28 Jul 2013
In this second post about Monads in Haskell, we’ll talk about the three new types of Monads introduced in the chapter For a Few Monads More, from the Learn You A Haskell for Good: the Writer, the Reader and the State Monads.
The writer monad is useful when we want to attach some kind of logging to our value. The monadic type we’re going to work with takes a value of type
a and the “logging” type
The definition of the Writer Monad is:
Monoid is a typeclass with a set of common functions that a monoid type must implement, which are,
mempty function returns an empty instance of the type
mappend is any binary function over 2 instances of type
mconcat is a generalization of
mappend, a function over a list of instance of type
Monoid typeclass provides a default implementation of this function consisting of a
For example, the list type
 is can be seen as a monoid with the following implementation:
So going back to the Writer monad definition, we have that the “logging” type must be a monoid type. And we define the monad over the type
(Writer w) which can be seem as wapper on the type
return function consists in wrapping an instance of the type a into the type
(Writer w), so the simplest one is to just have an empty instance of type
w. Since it’s a monoid, we can use the functiion
The chain operator
(>>=) takes an instance of type a wrapped into the
(Wrapper w) and pass it to a function that operates on the type a and wraps the resulting type into
(Wrapper w) again. In our implementation of the monad for
(Writer w), we extract the element
f on it and compose a new log message combining the incoming log message and the one returned by function
f, using the
This implementation is available in the
Control.Monad.Writer module. One simple example that uses the Writer Monad is a function that operates over numbers and log them:
Which will return
The state monad when we want to carry some internal state along our computation. One example is a parser code presented in , where the authors use the partial parsed code as an internal state.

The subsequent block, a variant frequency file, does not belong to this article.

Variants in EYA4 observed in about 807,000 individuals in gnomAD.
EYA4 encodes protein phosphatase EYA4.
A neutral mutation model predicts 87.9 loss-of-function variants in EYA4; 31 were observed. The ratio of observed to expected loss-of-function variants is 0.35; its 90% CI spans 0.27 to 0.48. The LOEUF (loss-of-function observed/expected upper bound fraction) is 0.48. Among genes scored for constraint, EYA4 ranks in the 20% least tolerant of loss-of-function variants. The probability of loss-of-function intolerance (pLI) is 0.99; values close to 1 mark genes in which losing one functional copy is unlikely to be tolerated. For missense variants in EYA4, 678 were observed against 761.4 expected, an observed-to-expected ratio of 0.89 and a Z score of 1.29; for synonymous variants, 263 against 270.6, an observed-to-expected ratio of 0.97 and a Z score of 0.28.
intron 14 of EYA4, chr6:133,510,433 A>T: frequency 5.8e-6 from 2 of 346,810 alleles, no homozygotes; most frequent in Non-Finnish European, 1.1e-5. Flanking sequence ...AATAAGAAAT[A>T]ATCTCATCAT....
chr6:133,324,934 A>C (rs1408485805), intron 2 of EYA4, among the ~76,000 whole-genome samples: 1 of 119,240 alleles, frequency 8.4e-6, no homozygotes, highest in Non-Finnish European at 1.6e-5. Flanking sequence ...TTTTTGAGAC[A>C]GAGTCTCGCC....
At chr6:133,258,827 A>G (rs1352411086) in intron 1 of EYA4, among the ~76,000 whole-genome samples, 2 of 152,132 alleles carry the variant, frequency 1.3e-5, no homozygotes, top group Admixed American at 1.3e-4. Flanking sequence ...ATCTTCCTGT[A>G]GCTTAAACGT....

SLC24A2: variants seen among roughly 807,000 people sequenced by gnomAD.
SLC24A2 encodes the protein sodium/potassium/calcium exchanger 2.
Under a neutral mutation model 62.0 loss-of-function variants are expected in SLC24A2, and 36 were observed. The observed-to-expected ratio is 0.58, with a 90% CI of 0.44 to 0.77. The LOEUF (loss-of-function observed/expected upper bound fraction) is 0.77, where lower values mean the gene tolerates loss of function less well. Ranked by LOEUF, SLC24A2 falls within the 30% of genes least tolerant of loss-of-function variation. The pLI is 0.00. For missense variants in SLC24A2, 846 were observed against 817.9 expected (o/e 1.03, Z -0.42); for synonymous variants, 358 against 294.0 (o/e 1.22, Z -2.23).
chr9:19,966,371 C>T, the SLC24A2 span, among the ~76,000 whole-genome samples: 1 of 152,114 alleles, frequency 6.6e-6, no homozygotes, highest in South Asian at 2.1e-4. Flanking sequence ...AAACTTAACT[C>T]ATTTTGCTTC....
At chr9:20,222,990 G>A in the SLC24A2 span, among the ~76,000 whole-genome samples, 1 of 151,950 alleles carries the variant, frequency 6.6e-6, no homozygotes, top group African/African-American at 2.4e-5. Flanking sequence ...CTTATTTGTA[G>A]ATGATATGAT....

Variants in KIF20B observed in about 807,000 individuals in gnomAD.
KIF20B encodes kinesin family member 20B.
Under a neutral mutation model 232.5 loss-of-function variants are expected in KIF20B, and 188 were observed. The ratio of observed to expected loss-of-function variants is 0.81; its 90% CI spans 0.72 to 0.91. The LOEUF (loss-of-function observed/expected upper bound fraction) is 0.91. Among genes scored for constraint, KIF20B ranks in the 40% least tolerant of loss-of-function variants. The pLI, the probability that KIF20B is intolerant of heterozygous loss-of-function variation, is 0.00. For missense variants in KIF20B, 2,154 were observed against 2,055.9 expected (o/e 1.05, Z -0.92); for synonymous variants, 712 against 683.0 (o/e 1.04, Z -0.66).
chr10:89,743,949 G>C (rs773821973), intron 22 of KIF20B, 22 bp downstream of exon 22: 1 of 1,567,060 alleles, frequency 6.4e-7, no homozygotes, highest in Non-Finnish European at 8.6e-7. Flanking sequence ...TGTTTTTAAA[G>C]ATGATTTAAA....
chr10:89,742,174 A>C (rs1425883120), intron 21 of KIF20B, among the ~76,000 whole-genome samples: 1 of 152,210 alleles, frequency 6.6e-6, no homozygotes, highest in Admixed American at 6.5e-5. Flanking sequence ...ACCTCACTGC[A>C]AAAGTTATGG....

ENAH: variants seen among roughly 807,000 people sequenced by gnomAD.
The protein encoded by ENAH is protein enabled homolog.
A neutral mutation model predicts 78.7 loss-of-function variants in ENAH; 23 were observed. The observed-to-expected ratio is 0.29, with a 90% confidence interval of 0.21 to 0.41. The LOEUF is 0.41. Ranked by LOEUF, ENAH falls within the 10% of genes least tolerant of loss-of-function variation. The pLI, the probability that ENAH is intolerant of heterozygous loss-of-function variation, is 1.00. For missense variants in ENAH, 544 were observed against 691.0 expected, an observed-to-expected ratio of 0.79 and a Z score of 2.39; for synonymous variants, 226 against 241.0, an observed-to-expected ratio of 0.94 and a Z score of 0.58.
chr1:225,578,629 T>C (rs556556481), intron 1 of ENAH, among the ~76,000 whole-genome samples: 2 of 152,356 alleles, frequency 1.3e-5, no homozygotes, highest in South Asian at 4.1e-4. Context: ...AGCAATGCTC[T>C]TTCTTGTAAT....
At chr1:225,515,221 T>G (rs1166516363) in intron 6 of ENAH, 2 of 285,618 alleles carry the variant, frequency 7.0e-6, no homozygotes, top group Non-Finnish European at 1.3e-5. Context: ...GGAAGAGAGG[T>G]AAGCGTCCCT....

In the same fashion as the writer monadic type, we have a type that depends on two type parameters, one of them representing the wrapped value and the other the type of the state.
The difference here is that instead of a pair of the two types, our new type is actually a function that receives a value of type s and wraps it into a tuple together with an instance of type a.
The definition of the State Monad is given by:
The implementation of the
return function is straightforward, it just returns a function that receives a state and returns a pair of
x with this state. This function is then wrapped into the type
The chain operator is more involved. To extract the value of type a from a
State type, we first need to extract the function
h from it (by pattern matching
(State h)), and then extracting the value a by providing an state to it. Note that we can assume this state
s because this is done within a lambda that receives a state.
After extracting the value a from the first parameter of
(>>=), we can finally apply the function
f to it. This will return an instance of
State, from which we extract yet another function
g that receives an state and returns a pair. We use the state that resulted after applying the state
s to function h and return the pair resulting from applying the new state to this function.
The State Monad is also useful when we’re dealing with random number generation. In Haskell you have to keep a reference to the random number generator otherwise it will always generate the same number. The following example uses the random genetor as a state, which makes it simple to generate multiple random numbers:
The Reader Monad  is similar to the State monad but in this case we have a state that is immutable, which we can see as an environment. The Reader type is a wrapper of a function that receives the environment
e and returns an instance of type
a. Since the environment is immutable, there’s no need to return it along with our value.
The definition of the Reader Monad is then:
return function, we have an analogous function as for the State Monad, but since in this case the function doesn’t need to return the environment, we return a function that doesn’t care about the parameter.
The chain operator is also a special case of the State Monad chain operator. We first extract the function
g via pattern matching, within the lambda function we provide the environment
g in order to retrieve our value of type
a and apply the function
f will return another function
h wrapped inside a Reader instance which we can extract using pattern matching again. This function wrapped back into a Reader instance is essentially the result of the chain operator.